So I packed up my poor laptop who had done his best to set up a connection and went downstairs to take a seat outside and watch Egnatia (another parallel) slowly come more and more to life. This is, in the end, what drinking coffee in a street café is all about isn’t it? Lolling lazily in your seat, sipping at your cup while the world goes careering past in an insane frenzy? Pure, unadulterated Schadenfreude – and is it good!

I wandered down to the harbour, strolled through the strangely deserted passenger embarkation halls, and then turned up through a little square with pubs and cafés, and up through the city, steeper and steeper, like walking up the inside of an octagon, back to the flat, arriving back at 11 o’clock; sweaty and not having made contact with those things which tie us down to reality, and actually …who cares?

My reward for doing all this was to go and have lunch at a taverna just around the corner. Not the same one as the other evening but one up a little pedestrian way where no rattling cars or whining mopeds would go past.

There were only a couple of guests and a young disinterested waitress who looked chronically glum. There will be no “very very good speak the Greek” from her – doubt if I’ll even get a smile from her. I looked at the menu and she came over and plonked some cutlery on the table. I ordered:

Mia mprizola (love that word!) a chop

Choirini? Pork?

Nai, kai ena tzatziki … kai mia patates.

Ti tha pieite? What would you like to drink?

Ah, to krasi, to kokkino, einai gluko? The red wine, is it sweet?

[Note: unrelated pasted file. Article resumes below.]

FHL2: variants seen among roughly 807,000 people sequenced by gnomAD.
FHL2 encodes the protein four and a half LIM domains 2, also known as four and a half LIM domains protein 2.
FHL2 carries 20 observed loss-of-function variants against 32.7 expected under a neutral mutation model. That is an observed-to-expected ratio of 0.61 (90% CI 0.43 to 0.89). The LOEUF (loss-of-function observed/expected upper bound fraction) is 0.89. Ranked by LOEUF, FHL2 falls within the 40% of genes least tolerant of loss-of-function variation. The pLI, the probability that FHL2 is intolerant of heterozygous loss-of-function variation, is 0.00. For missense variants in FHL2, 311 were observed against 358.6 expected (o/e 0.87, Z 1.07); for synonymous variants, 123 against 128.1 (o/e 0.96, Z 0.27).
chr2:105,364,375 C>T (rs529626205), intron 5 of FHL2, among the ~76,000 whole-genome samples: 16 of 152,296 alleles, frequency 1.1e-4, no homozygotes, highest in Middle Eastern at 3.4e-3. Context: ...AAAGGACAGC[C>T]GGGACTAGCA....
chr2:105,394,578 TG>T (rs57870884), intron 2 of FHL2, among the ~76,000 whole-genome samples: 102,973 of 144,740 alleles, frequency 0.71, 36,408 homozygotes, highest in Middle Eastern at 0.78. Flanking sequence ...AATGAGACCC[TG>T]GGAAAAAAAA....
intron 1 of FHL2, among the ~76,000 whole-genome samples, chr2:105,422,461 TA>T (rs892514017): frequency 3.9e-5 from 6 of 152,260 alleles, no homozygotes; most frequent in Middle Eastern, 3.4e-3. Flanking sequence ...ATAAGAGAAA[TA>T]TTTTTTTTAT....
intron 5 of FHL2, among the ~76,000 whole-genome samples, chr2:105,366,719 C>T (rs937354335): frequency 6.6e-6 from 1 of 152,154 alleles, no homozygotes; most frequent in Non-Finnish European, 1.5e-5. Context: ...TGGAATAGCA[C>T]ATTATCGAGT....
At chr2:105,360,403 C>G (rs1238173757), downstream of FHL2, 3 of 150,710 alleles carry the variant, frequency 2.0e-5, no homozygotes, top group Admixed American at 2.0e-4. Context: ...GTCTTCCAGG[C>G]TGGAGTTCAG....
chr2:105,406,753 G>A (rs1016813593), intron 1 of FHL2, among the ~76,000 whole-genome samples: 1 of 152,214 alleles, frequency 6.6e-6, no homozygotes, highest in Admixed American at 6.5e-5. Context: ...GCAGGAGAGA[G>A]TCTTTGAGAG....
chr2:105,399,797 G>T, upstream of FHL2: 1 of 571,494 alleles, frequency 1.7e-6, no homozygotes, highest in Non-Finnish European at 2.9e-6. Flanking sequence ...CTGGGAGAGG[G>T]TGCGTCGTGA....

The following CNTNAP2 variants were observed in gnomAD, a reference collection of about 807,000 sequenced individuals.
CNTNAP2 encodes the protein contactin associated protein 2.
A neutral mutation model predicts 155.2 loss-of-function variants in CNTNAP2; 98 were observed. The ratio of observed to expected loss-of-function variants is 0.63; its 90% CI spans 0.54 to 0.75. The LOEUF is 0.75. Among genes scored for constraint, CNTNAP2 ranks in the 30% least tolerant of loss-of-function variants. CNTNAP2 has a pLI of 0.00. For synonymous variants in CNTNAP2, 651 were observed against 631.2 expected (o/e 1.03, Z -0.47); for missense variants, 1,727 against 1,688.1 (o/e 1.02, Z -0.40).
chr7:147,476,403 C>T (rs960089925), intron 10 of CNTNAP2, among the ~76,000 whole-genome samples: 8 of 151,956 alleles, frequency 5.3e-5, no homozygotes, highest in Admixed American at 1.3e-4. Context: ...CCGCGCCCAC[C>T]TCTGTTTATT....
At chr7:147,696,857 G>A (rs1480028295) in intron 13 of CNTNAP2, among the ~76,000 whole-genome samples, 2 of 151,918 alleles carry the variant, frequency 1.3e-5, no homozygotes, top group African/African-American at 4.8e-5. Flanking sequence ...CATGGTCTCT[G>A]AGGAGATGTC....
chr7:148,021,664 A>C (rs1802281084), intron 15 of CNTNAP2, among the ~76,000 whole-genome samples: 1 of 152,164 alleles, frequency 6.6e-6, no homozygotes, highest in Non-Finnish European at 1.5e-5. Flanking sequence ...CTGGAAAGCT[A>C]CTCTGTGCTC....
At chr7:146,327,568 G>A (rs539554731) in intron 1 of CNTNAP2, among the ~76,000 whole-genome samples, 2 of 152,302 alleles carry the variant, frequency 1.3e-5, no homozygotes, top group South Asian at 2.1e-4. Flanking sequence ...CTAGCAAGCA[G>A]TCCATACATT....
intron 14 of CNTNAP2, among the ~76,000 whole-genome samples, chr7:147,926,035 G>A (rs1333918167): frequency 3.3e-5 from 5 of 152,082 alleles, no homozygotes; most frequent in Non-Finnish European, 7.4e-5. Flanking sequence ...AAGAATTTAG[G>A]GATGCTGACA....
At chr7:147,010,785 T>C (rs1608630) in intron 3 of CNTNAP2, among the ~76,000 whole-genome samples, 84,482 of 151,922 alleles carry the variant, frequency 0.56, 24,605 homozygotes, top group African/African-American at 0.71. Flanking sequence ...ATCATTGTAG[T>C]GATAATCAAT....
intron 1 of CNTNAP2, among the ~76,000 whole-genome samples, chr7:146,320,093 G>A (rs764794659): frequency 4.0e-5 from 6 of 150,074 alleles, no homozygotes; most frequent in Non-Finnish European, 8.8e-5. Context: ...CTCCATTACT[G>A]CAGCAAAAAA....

(The local wines from the barrel are sometimes sweet …just wanted to be sure …and I couldn’t remember the Greek for “dry wine”.)

Ochi. No.

She didn’t feel the need to elaborate so I ordered half a litre.

She went off. She wasn’t unfriendly or rude – it just seemed as is someone had cut off the gas supply to her inner fire.

The wine came and the bread, normal white bread and warm pita bread. The wine was purply-red, I poured myself a glass and sipped at it …wow, bloody great. Tzatziki came, mmm, big plate of patates, even mmmmier, and then the grilled mprizola, simply grilled. I must have eaten hundreds of them in Ioannina – just love the succulent grilled meat and the grilled bits of fat … definitely mmmmmiest.

I hope you know this feeling; good food, half way through your wine and you are gradually suffused with a feeling that the world is not bad, nay, indeed verrily, the world is good. This is followed by a deep inner sigh of relief and contentment. It is at times like this that I would, if I were at all religious, offer up a prayer of thanks to Dionysos or Bacchus. I would also like to think that he is not amongst the dodeka theous whom my graffiti spraying friend would want to gamei!

That moment of rapture was interrupted by the ringing of a mobile phone. It was the waitress’s.

Geia sou, re!

I had to sneak a quick look round…and yes, her face was lit up with a big smile …someone had obviously put a shilling in her metre. She took my look to be a sign I wanted something and got up but I gestured to her that everything was ok.

I had all I needed.